Aurora Magazine

Promoting excellence in advertising

Wanting It All in a Single Food Package

Published in Jul-Aug 2023

Instagramming may be the rage among Gen Z, but influencers not so much, argues Fatima S. Attarwala.

I eat out at McDonald’s or KFC all the time; my whole class does,“ laughs a seventh-grade Grammarian. An A’ Levels student from Nixor nods. “KFC is just five minutes away, so we go there every week,” she says.

The fast food joints that have long dominated our food landscape are still the go-to place for a quick get-together for school-aged Gen Zers. However, hot pot places, Test Kitchen by Okra and a slew of new restaurants are not far behind for fancier meet-ups, especially for those who are slightly older.

Born between 1997 and 2012, Gen Z are social media natives. According to some estimates, they spend up to four hours on their mobiles daily, scrolling through posts and reels. So how can restaurants attract Gen Z traffic in the plethora of content available? Aurora reached out to influencers and talked to Gen Zers to answer this question.

No Love for Star Power: “Unlike previous generations who were receptive to celebrity content, Gen Z crave authenticity. They do not believe in star power because celebrities are paid to endorse a product. They want authenticity and that the person reviewing the product has actually tried it,” says 31-year-old Zulekha Ahmed, a food content creator on Instagram whose page Karachi Food Adventure has about 50,000 followers.

Influencers are careful about recommending products they genuinely believe are of interest to their followers. If they do not like a restaurant, they will not trash it, but neither will they promote it in order to maintain their overall credibility with their followers. Conversely, no teenager I talked to believed any influencer to be truly authentic. Although interested in recommendations, they are unanimous in the opinion that it is all paid content and the endorsements are not genuine. Influencers are seen as a source to learn about new places but not as a trusted source of information, which is why there appears to be limited loyalty, making it very easy to swipe to the next reel.

Twenty-Second Windows: “Gen Z have very short attention spans,” says Ahmed. “When I first started blogging, the content was mostly photo-based, now it has turned to reels.” Reels are not linear videos but multiple videos of one second each, edited for a coherent narrative of 20 to 30 seconds. Each reel has to start with a hook, without which a Gen Z-er will simply swipe to the next one. With so much content, if the reel doesn’t engage them within three seconds, they will just go on to the next one. Novelty is an important factor in driving traffic.

Standing Out: “Gen Z want to eat something beyond what is cooked in a typical Pakistani household,” says Iman Aib, who runs the Instagram page Foodiemaniac_ and has 217,000 followers. “They are not so different in taste and more in mindset and perspective. The pasta and biryani are the same that have been eaten for generations, but the way it is presented has to be different.” She adds that pasta reviews can go viral, but a biryani review will garner fewer views.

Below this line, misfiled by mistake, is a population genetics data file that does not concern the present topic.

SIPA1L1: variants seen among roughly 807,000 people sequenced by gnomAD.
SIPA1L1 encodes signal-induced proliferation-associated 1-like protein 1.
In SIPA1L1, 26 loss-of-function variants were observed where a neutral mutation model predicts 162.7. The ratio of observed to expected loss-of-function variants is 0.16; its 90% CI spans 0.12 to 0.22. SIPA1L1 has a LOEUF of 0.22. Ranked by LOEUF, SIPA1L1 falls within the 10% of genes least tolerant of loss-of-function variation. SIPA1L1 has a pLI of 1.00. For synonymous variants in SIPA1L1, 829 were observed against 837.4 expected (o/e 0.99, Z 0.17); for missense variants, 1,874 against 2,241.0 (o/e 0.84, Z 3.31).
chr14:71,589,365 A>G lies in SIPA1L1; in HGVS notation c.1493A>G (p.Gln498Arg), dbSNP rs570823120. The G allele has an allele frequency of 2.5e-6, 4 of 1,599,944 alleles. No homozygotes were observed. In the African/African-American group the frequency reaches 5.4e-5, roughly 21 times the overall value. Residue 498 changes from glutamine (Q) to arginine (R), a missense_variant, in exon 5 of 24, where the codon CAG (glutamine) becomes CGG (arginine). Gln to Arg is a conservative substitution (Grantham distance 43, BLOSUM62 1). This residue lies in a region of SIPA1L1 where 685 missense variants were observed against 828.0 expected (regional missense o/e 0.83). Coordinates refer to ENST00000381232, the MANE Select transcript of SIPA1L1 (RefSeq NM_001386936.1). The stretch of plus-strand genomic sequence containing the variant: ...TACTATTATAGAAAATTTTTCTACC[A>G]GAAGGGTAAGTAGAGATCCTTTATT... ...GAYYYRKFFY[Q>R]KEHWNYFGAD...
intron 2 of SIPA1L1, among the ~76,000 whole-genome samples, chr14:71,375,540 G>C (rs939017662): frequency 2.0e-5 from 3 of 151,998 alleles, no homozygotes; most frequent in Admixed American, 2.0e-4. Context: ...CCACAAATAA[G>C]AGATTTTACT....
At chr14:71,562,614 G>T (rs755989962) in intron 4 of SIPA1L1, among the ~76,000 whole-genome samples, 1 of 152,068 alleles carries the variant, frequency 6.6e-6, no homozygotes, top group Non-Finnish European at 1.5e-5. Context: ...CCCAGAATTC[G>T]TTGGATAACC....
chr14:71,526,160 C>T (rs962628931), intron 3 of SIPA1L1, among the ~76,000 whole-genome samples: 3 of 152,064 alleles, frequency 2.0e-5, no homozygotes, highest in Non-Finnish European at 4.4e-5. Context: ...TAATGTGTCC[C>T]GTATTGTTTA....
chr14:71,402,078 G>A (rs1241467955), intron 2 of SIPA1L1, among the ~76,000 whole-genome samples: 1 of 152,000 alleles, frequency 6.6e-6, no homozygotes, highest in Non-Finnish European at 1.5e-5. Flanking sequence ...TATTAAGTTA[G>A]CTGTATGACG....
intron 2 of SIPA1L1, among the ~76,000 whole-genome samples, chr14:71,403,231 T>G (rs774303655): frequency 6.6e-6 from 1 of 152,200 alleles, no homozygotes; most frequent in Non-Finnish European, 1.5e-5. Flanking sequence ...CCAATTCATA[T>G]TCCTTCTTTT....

It is the novelty factor that is a huge hook and the reason why every teen I spoke to was a regular frequenter of a hot pot place. Should the local cable operator ever run a targeted advertisement for a new restaurant offering a unique experience, Gen Z would be up for trying that as well.

Embracing Collaboration: Instead of hiring professional photographers and videographers to advertise, brands hire bloggers to cross-platform share. “When I started blogging, I created picture content for KFC using my own family and settings to create a realistic feel,” says Ahmed, illustrating how fast food franchises are using the power of influencers and micro-influencers to reach out to Gen Z. She has also collaborated with brands such as National Foods and Knorr. Cross-collaborations mean multiple influencers working together and sharing content across platforms; in this way, influencers share followers and engagement, boosting their own popularity and benefiting the brand as well.

The Snowball Effect: Although influencers are a popular way to get news about the latest hangout and new products, Gen Z trust their own circles the most. The way it works is that an influencer posts a reel about a new hangout which attracts the attention of a group of friends. The group will then go to the new hangout, take photos and post them on Instagram, thereby reaching out to a wider audience who see the photos and the cycle will repeat itself and eventually snowball.

Instagrammable Vs Legacy: The content must always be Instagram-worthy. While female influencers post pictures and reels of pretty places with glam groups shots, male influencers prefer street dining or out-of-the-way places that tend to be dark and a bit ‘creepy’, but have a history of serving traditional dishes such as nihari, biryani, paratha and barbecue.

Value Conscious: Gen Z are value-conscious across socio-economic groups, partly because of an inflation-struck economy and partly because they are students or just starting out in their careers. They tend to gravitate towards deals, which is why most pizza places have buy-one-get-one deals. They are also fickle. They love trying new things, but when the new becomes old or tried and tested, they move on to the next best thing. This is why most restaurants and influencers have to be constantly on their toes in their quest to engage with an audience who gets bored easily and wants value for money, authenticity and novelty all in one package.

Fatima S. Attarwala heads Dawn’s Business & Finance desk.